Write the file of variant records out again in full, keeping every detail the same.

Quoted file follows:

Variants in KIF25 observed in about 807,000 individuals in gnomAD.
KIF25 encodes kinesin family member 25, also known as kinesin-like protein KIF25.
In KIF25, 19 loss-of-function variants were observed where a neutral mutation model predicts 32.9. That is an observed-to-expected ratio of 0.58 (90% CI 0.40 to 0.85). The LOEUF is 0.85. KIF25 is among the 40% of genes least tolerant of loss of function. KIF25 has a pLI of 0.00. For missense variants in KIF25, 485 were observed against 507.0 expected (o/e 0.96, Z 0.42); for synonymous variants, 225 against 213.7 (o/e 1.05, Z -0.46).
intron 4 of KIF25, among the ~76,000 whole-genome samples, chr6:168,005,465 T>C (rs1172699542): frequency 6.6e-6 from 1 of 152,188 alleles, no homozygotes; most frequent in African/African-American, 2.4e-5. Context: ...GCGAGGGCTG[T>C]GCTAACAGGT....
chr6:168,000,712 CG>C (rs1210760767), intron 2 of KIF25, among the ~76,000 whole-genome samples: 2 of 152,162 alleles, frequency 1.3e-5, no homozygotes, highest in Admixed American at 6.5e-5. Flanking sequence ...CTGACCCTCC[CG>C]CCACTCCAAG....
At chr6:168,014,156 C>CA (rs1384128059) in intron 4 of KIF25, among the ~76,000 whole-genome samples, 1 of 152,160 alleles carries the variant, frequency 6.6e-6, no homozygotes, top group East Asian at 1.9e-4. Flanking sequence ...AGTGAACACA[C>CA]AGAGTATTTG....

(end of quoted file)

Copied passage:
Variants in KIF25 observed in about 807,000 individuals in gnomAD.
KIF25 encodes kinesin family member 25, also known as kinesin-like protein KIF25.
In KIF25, 19 loss-of-function variants were observed where a neutral mutation model predicts 32.9. That is an observed-to-expected ratio of 0.58 (90% CI 0.40 to 0.85). The LOEUF is 0.85. KIF25 is among the 40% of genes least tolerant of loss of function. KIF25 has a pLI of 0.00. For missense variants in KIF25, 485 were observed against 507.0 expected (o/e 0.96, Z 0.42); for synonymous variants, 225 against 213.7 (o/e 1.05, Z -0.46).
intron 4 of KIF25, among the ~76,000 whole-genome samples, chr6:168,005,465 T>C (rs1172699542): frequency 6.6e-6 from 1 of 152,188 alleles, no homozygotes; most frequent in African/African-American, 2.4e-5. Context: ...GCGAGGGCTG[T>C]GCTAACAGGT....
chr6:168,000,712 CG>C (rs1210760767), intron 2 of KIF25, among the ~76,000 whole-genome samples: 2 of 152,162 alleles, frequency 1.3e-5, no homozygotes, highest in Admixed American at 6.5e-5. Flanking sequence ...CTGACCCTCC[CG>C]CCACTCCAAG....
At chr6:168,014,156 C>CA (rs1384128059) in intron 4 of KIF25, among the ~76,000 whole-genome samples, 1 of 152,160 alleles carries the variant, frequency 6.6e-6, no homozygotes, top group East Asian at 1.9e-4. Flanking sequence ...AGTGAACACA[C>CA]AGAGTATTTG....